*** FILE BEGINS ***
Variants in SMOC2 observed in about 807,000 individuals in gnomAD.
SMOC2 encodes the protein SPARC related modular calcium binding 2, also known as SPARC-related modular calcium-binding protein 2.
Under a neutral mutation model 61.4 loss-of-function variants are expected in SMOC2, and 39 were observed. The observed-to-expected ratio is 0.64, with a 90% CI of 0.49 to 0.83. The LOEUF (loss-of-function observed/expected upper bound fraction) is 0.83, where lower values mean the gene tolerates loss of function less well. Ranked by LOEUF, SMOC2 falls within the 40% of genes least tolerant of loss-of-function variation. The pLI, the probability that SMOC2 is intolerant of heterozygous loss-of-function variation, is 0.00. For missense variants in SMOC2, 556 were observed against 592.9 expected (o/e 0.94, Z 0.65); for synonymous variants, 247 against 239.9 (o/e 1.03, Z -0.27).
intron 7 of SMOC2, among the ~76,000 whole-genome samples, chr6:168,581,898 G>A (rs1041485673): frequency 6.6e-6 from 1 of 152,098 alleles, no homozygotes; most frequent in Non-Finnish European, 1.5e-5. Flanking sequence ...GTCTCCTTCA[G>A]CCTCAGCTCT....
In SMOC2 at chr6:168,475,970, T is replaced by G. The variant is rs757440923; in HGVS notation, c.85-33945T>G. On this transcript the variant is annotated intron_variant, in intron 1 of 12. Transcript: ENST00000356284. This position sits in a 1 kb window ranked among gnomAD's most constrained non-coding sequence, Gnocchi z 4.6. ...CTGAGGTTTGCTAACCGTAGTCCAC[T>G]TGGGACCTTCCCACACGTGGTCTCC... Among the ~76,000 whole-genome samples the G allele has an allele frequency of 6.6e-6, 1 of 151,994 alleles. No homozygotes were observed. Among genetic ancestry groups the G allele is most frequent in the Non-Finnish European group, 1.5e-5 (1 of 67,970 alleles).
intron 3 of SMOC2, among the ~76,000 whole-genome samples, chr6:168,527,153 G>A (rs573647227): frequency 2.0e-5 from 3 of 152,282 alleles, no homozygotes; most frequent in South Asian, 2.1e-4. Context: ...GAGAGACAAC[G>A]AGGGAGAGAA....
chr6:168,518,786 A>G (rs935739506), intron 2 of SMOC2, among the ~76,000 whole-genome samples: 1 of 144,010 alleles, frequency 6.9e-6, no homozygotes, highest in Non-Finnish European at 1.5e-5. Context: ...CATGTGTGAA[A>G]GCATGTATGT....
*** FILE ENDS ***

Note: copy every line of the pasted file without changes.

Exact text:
Variants in SMOC2 observed in about 807,000 individuals in gnomAD.
SMOC2 encodes the protein SPARC related modular calcium binding 2, also known as SPARC-related modular calcium-binding protein 2.
Under a neutral mutation model 61.4 loss-of-function variants are expected in SMOC2, and 39 were observed. The observed-to-expected ratio is 0.64, with a 90% CI of 0.49 to 0.83. The LOEUF (loss-of-function observed/expected upper bound fraction) is 0.83, where lower values mean the gene tolerates loss of function less well. Ranked by LOEUF, SMOC2 falls within the 40% of genes least tolerant of loss-of-function variation. The pLI, the probability that SMOC2 is intolerant of heterozygous loss-of-function variation, is 0.00. For missense variants in SMOC2, 556 were observed against 592.9 expected (o/e 0.94, Z 0.65); for synonymous variants, 247 against 239.9 (o/e 1.03, Z -0.27).
intron 7 of SMOC2, among the ~76,000 whole-genome samples, chr6:168,581,898 G>A (rs1041485673): frequency 6.6e-6 from 1 of 152,098 alleles, no homozygotes; most frequent in Non-Finnish European, 1.5e-5. Flanking sequence ...GTCTCCTTCA[G>A]CCTCAGCTCT....
In SMOC2 at chr6:168,475,970, T is replaced by G. The variant is rs757440923; in HGVS notation, c.85-33945T>G. On this transcript the variant is annotated intron_variant, in intron 1 of 12. Transcript: ENST00000356284. This position sits in a 1 kb window ranked among gnomAD's most constrained non-coding sequence, Gnocchi z 4.6. ...CTGAGGTTTGCTAACCGTAGTCCAC[T>G]TGGGACCTTCCCACACGTGGTCTCC... Among the ~76,000 whole-genome samples the G allele has an allele frequency of 6.6e-6, 1 of 151,994 alleles. No homozygotes were observed. Among genetic ancestry groups the G allele is most frequent in the Non-Finnish European group, 1.5e-5 (1 of 67,970 alleles).
intron 3 of SMOC2, among the ~76,000 whole-genome samples, chr6:168,527,153 G>A (rs573647227): frequency 2.0e-5 from 3 of 152,282 alleles, no homozygotes; most frequent in South Asian, 2.1e-4. Context: ...GAGAGACAAC[G>A]AGGGAGAGAA....
chr6:168,518,786 A>G (rs935739506), intron 2 of SMOC2, among the ~76,000 whole-genome samples: 1 of 144,010 alleles, frequency 6.9e-6, no homozygotes, highest in Non-Finnish European at 1.5e-5. Context: ...CATGTGTGAA[A>G]GCATGTATGT....